West Linn City Council

Coalition of African and African-American Pastors

I spent an afternoon recently with the Coalition of African and African American Pastors alongside my colleagues Speaker Dan Rayfield, Senator Lew Frederick, Senator Kayse Jama, Senate President Pro Tempore James Manning Jr., and former Multnomah County Commissioner Loretta Smith.

CAAAP came together during the COVID-19 pandemic and has done incredible work in the Portland community especially around implementing strategies and emergency resources to support the health of the Black community. I’m excited to continue working and building relationships with this group of inspiring leaders and focus on the issues we all care about — public engagement, health, and community development. Thank you to CAAAP for inviting me to join them for lunch and I look forward to future conversations.

CAAAP meeting

Portland Community College

It was an amazing day at Portland Community College celebrating the grand opening of the new Opportunity Center at 42nd Ave in NE Portland. A big part of the facility is the welcoming center, which houses the operations of PCC, Oregon Department of Human Services (ODHS), Native American Youth and Family Center (NAYA), and Multnomah County Health Department, providing education and social services to move people into careers with economic mobility.

I was glad to be able to join President of PCC Dr. Adrien Bennings, PCC Board Members Tiffani Penson & Kien Truong, and Multnomah County Commissioner Susheela Jayapal at this event with the community.

Portland Community College ribbon

Capitol Accessibility, Maintenance and Safety (CAMS)

We have heroes working at the Capitol building every day — well, underneath it — and I was thrilled to see their work first-hand this week. Construction crews continue to dig deep below the Capitol building as part of the years-long CAMS Project. In addition to improving the accessibility and functionality of our historic Capitol building, the project — led by the indefatigable Jodie Jones — will seismically secure the structure so it will survive when "the big one" hits.

We owe the hundreds of construction workers who have been a part of the CAMS Project a great debt as they work through the rain, mud and cold to project our Capitol and the people within it.


A Moment of Recognition

Lastly, I was honored to receive two awards over the past few weeks from organizations I deeply respect. The first was the 2023 Perseverance Award from the Oregon League of Conservation Voters, which I shared with House Speaker Dan Rayfield. OLCV is an important partner in the legislative process whose members always have the best interests of the environment at heart.

I also received the Howard Cherry Award for Community College Advocate of 2023 from the Oregon Community College Association. My ties to community colleges runs deep: I worked for and on behalf of community colleges for many years and my wife Laurie is the current board chair for Portland Community College. To be honored for my work by many of the same people whom have inspired me over the years was truly a special moment for me. Many thanks to these two organizations for the work they do on behalf of our state.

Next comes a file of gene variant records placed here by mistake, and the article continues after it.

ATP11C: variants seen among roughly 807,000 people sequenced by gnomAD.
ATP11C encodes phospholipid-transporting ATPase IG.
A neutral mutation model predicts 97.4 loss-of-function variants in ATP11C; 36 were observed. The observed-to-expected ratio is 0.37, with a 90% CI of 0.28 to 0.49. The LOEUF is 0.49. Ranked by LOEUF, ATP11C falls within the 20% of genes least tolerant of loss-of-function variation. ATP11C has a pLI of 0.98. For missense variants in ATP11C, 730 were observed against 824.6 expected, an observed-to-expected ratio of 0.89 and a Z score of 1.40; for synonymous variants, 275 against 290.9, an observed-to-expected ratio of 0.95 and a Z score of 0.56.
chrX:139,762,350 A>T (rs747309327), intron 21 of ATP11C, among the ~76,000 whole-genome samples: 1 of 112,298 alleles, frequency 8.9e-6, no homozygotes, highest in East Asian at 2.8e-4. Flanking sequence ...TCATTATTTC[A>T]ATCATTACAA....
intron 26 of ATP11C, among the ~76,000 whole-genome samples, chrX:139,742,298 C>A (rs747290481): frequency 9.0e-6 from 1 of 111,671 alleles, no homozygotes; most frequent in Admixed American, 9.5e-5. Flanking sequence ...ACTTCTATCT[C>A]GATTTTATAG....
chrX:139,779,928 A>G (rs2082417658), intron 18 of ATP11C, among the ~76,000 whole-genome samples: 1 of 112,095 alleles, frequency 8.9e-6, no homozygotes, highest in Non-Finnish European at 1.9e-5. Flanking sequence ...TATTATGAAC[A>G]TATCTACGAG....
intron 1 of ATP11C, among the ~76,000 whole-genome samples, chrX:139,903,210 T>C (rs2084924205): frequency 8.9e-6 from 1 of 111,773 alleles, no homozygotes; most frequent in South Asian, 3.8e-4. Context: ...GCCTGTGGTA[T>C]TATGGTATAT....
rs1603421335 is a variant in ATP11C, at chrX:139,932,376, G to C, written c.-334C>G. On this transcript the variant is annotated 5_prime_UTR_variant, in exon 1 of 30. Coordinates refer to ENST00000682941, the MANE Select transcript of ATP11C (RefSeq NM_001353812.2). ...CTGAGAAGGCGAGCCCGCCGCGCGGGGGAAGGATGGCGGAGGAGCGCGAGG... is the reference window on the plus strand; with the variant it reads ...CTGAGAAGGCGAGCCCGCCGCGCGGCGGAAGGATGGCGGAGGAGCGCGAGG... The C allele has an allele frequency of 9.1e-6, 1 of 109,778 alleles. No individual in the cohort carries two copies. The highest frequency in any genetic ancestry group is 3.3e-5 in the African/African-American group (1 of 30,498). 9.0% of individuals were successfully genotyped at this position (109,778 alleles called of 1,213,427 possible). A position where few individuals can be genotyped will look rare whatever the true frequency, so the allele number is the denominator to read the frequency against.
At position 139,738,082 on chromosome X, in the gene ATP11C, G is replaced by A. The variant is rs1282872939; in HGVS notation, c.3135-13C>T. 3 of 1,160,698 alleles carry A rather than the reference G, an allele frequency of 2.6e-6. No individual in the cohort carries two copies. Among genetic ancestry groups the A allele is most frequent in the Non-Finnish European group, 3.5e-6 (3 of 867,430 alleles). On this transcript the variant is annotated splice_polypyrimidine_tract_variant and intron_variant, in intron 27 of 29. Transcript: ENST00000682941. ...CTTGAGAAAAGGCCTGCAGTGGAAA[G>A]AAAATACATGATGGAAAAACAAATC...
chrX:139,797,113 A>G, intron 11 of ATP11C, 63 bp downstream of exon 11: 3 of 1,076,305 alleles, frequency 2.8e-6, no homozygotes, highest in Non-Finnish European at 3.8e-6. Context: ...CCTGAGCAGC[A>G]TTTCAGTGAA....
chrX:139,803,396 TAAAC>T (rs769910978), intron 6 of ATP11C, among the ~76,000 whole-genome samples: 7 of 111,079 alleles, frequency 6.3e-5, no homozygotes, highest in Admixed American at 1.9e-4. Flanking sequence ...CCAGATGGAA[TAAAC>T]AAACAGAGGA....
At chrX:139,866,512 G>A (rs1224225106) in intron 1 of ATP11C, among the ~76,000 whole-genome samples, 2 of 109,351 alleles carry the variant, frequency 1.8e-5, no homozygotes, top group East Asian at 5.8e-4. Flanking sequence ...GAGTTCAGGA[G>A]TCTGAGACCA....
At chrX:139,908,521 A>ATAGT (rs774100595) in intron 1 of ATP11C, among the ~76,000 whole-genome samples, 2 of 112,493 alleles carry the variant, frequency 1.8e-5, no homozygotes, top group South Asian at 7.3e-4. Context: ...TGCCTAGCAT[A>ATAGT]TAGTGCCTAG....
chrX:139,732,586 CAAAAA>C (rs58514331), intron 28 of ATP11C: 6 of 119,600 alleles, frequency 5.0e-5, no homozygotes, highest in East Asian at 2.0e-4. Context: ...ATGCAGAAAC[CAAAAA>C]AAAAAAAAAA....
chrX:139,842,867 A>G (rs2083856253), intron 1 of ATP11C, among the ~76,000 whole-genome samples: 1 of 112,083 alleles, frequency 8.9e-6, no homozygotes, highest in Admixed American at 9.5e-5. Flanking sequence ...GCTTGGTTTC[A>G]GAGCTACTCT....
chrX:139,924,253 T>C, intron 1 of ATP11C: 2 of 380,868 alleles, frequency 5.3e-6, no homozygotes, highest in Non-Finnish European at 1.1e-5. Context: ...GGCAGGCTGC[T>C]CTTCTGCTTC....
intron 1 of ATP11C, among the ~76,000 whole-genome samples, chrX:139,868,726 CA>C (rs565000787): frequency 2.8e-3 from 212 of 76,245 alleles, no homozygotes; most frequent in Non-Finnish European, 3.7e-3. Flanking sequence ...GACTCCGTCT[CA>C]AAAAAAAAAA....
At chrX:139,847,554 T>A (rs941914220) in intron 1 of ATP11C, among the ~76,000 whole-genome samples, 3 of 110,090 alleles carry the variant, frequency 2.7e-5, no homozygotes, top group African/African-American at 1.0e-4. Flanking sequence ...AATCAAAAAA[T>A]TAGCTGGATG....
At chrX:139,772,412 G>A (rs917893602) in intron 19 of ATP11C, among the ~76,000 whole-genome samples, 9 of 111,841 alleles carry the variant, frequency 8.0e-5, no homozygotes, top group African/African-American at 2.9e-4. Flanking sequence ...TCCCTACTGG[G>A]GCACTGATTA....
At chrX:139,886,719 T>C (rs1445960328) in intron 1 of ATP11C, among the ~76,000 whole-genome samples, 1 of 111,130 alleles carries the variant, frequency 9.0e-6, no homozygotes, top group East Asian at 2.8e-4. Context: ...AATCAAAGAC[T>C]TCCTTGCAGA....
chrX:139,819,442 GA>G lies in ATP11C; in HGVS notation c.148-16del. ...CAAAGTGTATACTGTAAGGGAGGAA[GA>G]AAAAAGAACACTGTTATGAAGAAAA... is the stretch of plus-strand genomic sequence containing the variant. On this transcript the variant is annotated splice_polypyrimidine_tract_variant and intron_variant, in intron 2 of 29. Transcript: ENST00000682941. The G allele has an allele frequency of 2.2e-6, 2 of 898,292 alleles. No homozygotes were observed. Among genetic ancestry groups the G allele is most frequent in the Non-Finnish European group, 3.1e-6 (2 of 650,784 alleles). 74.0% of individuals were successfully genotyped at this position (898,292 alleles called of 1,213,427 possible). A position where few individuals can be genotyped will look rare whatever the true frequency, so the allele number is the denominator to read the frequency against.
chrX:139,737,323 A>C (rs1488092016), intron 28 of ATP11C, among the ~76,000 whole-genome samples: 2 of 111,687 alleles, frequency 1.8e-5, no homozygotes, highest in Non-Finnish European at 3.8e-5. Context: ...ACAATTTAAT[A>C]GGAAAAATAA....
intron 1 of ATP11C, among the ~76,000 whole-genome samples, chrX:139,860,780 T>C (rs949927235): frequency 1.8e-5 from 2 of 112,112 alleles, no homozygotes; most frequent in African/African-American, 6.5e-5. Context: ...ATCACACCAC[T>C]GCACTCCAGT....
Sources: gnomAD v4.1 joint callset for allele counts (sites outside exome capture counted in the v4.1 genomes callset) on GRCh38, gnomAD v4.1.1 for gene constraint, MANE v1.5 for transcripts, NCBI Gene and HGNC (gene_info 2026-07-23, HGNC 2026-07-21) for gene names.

cherry award

Recognitions like these always make me reflect on my career. While achievements often go to individuals, the truth is that only together is anything important ever accomplished. We've all had mentors to guide us along the way, family and friends to pick us up when we stumble, and colleagues who help us get the work done. These awards are a recognition of how much my life has been blessed by others and I want to honor them here.


Headlines from your Capitol

Statesman Journal: How destructive could ‘the big one’ be? A new UO earthquake center will study impacts

The University of Oregon's newly launched earthquake research center will bring together 16 institutions in the effort of researching earthquakes, their risks and impacts, and, in particular, "The Big One."

Oregon Public Broadcasting: State money isn’t coming to end Portland teachers strike, lawmakers say

As Portland Public Schools teachers strike for a second day in a row, key Democratic lawmakers say not to expect Salem to come to the rescue.

Willamette Week: Legislative Aides Ratify First-in-the-Nation Union Contract

The aides who staff Oregon’s 90 lawmakers (60 in the House, 30 in the Senate) have voted to accept a contract that will make Oregon’s legislative staff the first in the nation to unionize.

Oregon Capitol Chronicle: Earl Blumenauer to retire, dealing blow to Oregon’s seniority in Congress

Earl Blumenauer is calling it quits after 27 years in Congress, clearing the way for new federal representation for east Portland and dealing another blow to the state’s seniority in the U.S. House. 

If you would like to contact the Senate President's Office, send an email or call and either myself or a staff member will assist you. If you are a constituent coming to Salem and want to arrange a meeting, I'm always happy to meet, so please let us know well in advance as my schedule fills up quickly.

phone: 503-986-1600
address: 900 Court St NE, S-201, Salem, OR, 97301